The alarm I set for 5am is already buzzing and I took my arm out from my cozy to blanket to put it on snooze. 10 minutes later it starts buzzing again and my still sleepy brain struggles to understand what the noise is all about. Is it the hospital calling to inform me I’m on stand-by or is it one of those days when I have to get my lazy butt out from my soft nightly refuge? It takes a minute or two before it finally registers that I have to get up quick or be late. My ever loving spouse had already set up my lunch on the counter and my coffee is half cold, just the way I like it, so i can just guzzle it all up in one gulp. I’ll worry about the acid reflux later. I do a quick check on my still-in-dreamland kids, a quick peck on the cheek for my hubby and at 6:25am, it’s time to hit the door for 15-20 minute drive to work. Lucky me, my friend always gives me a ride when we work on the same days. We both hope all the traffic lights are “working” and everybody is driving within the speed limits, not too fast but not too slow, either. We both stare at the traffic lights if we think it’s taking too long, as if our mighty stares will change the lights to green.
Fast forward to the workplace. 3 minutes after 7am is already late and would mean a 15 minute deduction off the first hour. Not worth it, so i always try to clock in on time. Today is not one of those days, some old lady was driving 35mph on a 50mph road and I guess everybody else was late. My friend was getting irate during the drive but I told her, “..better a slow lady than a fast lady..”We both ponder if that is really the case.
The assignment board looks interesting. “Nurse A has to take rooms 110 to 115 except 114, you have to switch it with room 116 because Nurse B’s assigment from 117 to 121 has already 3 isolation precs, 3 total cares, and 3 wound cares.” Ouch! I am Nurse B. I made a mental note to ask the charge nurse to flex me home if our census gets down. (Joke! I badly need my PTO hours and I conditioned myself to get thru this 12 hour shift.)
Report begins with, ” I hope you had a good rest last night and a breakfast that will last you throughout the day.” from the out-going RN. Nope, I didn’t get to sleep at all and I only had coffee this morning, which reminds me to take that OTC anti-acid pill on my morning break, if I ever get one. Report ends with, “BTW, just to remind you, some corporate people are doing rounds today so make sure everything in the charts are updated. I haven’t got the chance to do it.” Well, I hope I GET the chance to hold the charts.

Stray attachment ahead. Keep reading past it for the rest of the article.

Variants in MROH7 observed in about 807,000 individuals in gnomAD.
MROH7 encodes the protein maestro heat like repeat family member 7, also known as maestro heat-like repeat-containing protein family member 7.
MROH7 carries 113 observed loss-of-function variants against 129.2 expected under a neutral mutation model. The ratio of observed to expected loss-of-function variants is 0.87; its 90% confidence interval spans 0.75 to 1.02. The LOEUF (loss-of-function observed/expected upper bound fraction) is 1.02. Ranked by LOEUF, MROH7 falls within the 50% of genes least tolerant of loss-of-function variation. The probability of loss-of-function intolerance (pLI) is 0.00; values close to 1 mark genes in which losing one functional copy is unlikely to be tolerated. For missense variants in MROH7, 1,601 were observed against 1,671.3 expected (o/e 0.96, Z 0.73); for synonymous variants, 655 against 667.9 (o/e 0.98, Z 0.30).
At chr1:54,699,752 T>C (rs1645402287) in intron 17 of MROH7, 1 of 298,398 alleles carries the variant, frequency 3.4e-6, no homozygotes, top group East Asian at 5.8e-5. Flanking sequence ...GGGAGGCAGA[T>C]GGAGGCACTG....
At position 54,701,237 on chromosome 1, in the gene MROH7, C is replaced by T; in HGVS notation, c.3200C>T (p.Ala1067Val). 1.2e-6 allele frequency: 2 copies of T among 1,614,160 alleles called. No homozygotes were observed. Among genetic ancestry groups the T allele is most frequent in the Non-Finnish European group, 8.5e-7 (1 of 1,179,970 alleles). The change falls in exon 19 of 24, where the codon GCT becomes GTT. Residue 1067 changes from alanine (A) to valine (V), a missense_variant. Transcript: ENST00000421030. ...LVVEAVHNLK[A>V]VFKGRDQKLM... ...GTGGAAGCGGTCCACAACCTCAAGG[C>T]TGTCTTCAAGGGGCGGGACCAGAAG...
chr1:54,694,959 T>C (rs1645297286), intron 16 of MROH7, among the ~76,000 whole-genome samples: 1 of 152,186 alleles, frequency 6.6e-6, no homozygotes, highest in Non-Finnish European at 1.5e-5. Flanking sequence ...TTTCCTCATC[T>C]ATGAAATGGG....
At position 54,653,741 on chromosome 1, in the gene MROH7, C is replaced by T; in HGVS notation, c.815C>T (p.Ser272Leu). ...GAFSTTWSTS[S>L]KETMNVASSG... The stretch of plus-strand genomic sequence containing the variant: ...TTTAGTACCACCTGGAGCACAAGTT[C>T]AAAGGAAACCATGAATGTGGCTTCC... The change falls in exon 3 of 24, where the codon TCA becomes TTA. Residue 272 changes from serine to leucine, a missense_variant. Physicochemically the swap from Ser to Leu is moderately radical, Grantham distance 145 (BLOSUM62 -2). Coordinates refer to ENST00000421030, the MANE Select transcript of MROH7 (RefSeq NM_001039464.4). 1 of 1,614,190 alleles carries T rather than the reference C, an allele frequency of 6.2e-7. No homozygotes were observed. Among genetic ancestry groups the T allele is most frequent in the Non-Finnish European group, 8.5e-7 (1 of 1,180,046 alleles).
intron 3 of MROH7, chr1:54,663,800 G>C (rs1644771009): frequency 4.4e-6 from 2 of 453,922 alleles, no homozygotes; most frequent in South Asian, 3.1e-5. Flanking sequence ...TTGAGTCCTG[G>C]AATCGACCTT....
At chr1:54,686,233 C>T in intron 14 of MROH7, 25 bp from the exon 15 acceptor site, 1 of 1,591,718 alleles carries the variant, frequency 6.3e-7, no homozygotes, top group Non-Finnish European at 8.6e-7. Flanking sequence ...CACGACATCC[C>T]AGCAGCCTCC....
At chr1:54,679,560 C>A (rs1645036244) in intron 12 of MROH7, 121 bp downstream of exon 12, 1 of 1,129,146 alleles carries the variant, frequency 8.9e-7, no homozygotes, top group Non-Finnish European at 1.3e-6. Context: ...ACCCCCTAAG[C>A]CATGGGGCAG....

And so the day progresses with a whirlwind of activities, like honest to goodness encouraging and assisting patients to reposition every 2 hours,meds, getting puked on, cleaning up and getting puked on again. Add to that, checking procedures and lab results, being put on hold by the physician’s exchange when trying to call in a critical result, dressing changes and a whole bunch of documentation. By the time I have the minute to look at the clock, it’s 30 minutes to shift change, shoot! I still have a bunch of things to finish and the lady in one of the rooms is on the call light wanting her 3rd bath for the day.
Shift ends, and I thank the heavens, for having a relatively “good” day. Hey, nobody coded and all the doctors seem to be in their nicest moods. Can’t complain but my back is screaming bloody hell on the drive back home.
I reach home and I smell the wonderful aroma of chicken adobo from my hubby’s kitchen. The kids simultaneously called for attention as I stand by the doorway. One wants to have her homework checked and the other proud of being a student of the week. The little one is racing to hug me, but mama says he will get his hug after mama gets to shower.
A good 2 hours is spent on showering, dinner, homeworks and TFC ( hmm, I wonder what Jade/ Kim Chiu meant when she texted HMP to Andy/Xian on My Binondo Girl, heehee!), with some lively family discussions in between. Lights off at 10pm, with alarms set for the next day, I begin to recount how my day was. I always remind myself, that regardless of how my day had been, I should still be thankful that my family is safe, I have a job and I got to help my patients in some way. Yep, all in a day’s work.
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